Research under this category that would not otherwise be exempt may qualify for exemption if: (a) it involves elected or appointed public officials or candidates for public office (for example, surveys, interviews or observation of public officials or candidates for public office); or (b) federal statute requires without exception that the confidentiality of the personally identifiable information will be maintained throughout the research and thereafter [45 CFR 46.101(b) (3)].

Educational Settings and Normal Educational Practices

Research conducted in established or commonly accepted educational settings, involving normal educational practices, such as (a) research on regular and special education instructional strategies, or (b) research on the effectiveness of or the comparison among instructional techniques, curricula, or classroom management methods [45 CFR 46.101(b) (1)].

To qualify for exemption under this category, all of the research must be conducted in a commonly accepted educational setting and should not involve sensitive topics (e.g., sexual behavior, drug abuse, personal issues) nor increase the level of risk or discomfort beyond normal, routine educational practices. Provisions should be made to insure the existence of a non-coercive environment for all students, including those who choose not to participate. Written permission of the school or appropriate agency should be obtained prior to the implementation of the research, including review of the proposed study by the human subjects research office or committee as applicable to or required by each school site.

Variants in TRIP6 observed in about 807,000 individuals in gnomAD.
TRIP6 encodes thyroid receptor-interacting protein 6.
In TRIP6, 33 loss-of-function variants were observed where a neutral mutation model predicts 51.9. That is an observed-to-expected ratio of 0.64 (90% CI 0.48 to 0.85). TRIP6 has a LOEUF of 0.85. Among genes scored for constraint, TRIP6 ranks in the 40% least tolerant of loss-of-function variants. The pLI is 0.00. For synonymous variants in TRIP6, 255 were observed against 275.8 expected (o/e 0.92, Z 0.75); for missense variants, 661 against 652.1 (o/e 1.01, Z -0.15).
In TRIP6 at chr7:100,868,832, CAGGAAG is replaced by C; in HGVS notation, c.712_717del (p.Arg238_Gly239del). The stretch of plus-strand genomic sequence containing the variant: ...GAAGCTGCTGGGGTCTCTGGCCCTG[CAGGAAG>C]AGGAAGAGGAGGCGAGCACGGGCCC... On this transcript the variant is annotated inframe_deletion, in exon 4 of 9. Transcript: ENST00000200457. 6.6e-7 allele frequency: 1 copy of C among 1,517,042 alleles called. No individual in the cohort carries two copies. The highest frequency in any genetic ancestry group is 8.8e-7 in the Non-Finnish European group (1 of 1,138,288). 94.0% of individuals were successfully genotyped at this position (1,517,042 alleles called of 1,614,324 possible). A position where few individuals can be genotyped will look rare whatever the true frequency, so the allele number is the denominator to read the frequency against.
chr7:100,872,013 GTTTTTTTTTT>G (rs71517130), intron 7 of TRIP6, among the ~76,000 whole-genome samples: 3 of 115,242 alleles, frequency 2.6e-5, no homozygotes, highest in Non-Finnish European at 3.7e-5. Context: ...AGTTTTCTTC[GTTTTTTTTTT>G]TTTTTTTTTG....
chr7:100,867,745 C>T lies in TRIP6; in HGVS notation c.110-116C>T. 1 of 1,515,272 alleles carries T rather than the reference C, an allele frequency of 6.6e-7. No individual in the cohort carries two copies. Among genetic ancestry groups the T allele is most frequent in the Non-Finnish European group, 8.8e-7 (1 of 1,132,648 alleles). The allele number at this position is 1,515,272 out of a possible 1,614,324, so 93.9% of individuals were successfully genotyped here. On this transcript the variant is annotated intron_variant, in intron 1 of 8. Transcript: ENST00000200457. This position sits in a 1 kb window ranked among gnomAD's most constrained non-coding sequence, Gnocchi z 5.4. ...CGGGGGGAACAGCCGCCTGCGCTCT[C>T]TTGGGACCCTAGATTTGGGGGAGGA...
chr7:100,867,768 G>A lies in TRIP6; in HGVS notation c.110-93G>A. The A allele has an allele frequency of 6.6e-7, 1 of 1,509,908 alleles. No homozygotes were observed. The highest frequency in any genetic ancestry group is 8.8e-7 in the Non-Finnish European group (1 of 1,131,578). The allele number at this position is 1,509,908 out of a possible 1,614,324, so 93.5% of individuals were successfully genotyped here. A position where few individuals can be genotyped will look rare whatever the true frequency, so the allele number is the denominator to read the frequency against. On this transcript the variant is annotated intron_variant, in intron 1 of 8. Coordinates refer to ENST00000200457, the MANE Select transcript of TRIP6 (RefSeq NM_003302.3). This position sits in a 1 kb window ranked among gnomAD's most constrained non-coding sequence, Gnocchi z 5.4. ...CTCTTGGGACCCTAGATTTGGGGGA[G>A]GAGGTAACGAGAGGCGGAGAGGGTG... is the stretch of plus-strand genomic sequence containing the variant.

Public Benefit Service Programs, Taste and Food Quality Studies

Also exempt are research and demonstration projects which are conducted by or subject to the approval of department and agency heads and which are designed to study, evaluate, or otherwise examine public benefit or service programs; procedures for obtaining benefits or services under those programs; possible changes in or alternatives to those programs or procedures; or possible changes in methods or levels of payment for benefits or services under those programs [45 CFR 46.101(b)(5)].

The federal regulations also exempt taste and food quality evaluation and consumer acceptance studies if (a) wholesome foods without additives are consumed, or (b) a food is consumed that contains a food ingredient at or below the level and for a use found to be safe, or agricultural chemical or environmental contaminant at or below the level found to be safe by the FDA or approved by the EPA or the Food Safety and Inspections Service of the USDA [45 CFR 46.101(b)(6)].

4.2 Expedited Review

Research Categories Eligible for Expedited Review

The categories eligible for expedited review include a number of specific examples approved by the Secretary of the Department of Health and Human Services as published in the Federal Register.